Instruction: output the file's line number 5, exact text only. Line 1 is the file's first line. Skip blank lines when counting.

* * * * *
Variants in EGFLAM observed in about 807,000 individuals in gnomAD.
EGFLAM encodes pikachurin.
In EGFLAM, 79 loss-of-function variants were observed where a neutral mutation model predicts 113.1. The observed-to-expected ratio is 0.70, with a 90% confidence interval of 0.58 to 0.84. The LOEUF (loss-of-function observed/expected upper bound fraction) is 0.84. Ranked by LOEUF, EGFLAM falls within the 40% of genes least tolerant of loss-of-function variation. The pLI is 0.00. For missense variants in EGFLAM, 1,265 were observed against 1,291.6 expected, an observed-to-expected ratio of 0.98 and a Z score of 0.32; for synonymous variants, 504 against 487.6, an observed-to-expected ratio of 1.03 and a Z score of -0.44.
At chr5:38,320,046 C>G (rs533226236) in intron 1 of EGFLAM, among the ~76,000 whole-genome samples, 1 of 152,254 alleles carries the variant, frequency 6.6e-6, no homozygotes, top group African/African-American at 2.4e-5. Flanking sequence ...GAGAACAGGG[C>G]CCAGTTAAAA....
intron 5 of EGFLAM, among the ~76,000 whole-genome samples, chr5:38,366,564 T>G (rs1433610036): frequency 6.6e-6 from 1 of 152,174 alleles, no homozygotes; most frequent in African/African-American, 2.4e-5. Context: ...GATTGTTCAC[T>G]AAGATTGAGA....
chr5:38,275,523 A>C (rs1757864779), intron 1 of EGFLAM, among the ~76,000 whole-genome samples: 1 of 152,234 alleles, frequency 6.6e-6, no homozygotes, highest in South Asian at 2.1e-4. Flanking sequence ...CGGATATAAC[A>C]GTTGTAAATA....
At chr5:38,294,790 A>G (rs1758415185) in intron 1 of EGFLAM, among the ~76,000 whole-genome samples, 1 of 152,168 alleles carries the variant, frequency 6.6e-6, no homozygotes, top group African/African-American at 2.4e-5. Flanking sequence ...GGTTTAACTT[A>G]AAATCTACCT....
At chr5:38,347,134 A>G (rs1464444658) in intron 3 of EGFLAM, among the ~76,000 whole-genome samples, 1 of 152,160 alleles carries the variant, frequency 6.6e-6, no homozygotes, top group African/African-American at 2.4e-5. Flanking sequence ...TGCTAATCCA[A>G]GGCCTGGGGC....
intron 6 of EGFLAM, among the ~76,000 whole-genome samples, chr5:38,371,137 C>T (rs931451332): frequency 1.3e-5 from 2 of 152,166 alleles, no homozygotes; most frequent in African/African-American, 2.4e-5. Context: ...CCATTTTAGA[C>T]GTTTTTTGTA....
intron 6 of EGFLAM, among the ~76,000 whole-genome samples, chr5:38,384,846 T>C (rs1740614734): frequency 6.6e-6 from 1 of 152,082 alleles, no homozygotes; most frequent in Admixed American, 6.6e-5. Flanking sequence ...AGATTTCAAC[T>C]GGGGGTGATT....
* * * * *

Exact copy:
intron 5 of EGFLAM, among the ~76,000 whole-genome samples, chr5:38,366,564 T>G (rs1433610036): frequency 6.6e-6 from 1 of 152,174 alleles, no homozygotes; most frequent in African/African-American, 2.4e-5. Context: ...GATTGTTCAC[T>G]AAGATTGAGA....